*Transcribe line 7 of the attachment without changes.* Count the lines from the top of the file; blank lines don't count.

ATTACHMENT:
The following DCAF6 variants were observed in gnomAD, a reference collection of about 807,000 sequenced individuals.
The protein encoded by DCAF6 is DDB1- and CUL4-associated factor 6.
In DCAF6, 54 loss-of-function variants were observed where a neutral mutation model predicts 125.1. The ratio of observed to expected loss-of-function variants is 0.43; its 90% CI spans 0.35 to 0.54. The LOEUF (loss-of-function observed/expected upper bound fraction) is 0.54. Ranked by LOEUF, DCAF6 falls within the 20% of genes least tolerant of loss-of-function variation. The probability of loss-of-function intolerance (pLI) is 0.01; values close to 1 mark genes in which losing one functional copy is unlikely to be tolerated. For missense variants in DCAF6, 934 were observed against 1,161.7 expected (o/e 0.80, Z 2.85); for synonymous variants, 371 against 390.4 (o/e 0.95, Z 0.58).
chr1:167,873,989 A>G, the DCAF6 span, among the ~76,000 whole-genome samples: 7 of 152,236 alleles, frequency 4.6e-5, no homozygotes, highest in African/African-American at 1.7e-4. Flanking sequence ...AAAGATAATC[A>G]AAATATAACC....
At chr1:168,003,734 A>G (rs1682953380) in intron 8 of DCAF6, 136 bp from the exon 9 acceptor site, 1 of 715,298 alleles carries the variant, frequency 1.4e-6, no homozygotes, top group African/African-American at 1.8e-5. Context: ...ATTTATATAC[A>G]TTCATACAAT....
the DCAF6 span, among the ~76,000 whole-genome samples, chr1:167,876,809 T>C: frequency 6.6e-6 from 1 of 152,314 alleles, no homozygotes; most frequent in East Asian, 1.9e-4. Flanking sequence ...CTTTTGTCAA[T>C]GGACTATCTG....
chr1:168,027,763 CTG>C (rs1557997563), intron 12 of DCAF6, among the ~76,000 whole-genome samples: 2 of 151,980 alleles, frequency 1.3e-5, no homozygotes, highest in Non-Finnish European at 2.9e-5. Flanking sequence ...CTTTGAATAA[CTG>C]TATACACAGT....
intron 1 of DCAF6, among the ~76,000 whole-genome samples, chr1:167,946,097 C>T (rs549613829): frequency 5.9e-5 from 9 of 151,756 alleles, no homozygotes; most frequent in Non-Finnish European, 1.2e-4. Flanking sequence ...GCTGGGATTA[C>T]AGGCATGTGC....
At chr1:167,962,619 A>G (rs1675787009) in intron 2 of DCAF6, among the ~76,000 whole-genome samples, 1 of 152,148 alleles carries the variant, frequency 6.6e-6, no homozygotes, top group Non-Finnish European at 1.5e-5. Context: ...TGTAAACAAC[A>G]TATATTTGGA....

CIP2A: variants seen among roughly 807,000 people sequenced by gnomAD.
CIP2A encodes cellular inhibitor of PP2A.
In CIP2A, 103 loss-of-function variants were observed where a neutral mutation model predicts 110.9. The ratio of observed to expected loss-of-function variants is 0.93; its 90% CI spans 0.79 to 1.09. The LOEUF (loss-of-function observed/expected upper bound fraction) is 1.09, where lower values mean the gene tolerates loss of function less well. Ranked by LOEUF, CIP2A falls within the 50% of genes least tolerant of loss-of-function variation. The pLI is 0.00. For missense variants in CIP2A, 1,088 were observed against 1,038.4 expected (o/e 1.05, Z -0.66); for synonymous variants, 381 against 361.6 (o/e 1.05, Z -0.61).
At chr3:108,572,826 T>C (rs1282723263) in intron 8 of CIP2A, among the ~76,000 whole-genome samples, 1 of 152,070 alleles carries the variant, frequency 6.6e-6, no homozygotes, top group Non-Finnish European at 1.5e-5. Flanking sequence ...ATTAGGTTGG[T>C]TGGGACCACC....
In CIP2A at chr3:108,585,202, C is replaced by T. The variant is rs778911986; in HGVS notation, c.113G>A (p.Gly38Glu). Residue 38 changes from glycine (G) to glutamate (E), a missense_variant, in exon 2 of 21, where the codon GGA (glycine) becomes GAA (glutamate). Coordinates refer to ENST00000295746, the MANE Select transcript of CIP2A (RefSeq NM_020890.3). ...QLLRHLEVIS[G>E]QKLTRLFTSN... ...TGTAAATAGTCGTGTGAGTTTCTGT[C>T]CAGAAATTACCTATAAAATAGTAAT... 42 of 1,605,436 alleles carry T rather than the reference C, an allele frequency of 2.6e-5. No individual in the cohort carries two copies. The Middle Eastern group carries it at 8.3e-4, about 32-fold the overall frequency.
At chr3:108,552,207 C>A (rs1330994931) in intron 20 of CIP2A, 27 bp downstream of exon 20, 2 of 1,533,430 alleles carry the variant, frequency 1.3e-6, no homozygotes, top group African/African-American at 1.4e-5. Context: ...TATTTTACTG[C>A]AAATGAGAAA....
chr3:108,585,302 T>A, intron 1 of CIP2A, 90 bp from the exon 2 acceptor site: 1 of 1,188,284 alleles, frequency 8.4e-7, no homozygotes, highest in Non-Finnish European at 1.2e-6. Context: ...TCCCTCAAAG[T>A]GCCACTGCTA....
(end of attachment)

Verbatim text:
chr1:168,027,763 CTG>C (rs1557997563), intron 12 of DCAF6, among the ~76,000 whole-genome samples: 2 of 151,980 alleles, frequency 1.3e-5, no homozygotes, highest in Non-Finnish European at 2.9e-5. Flanking sequence ...CTTTGAATAA[CTG>C]TATACACAGT....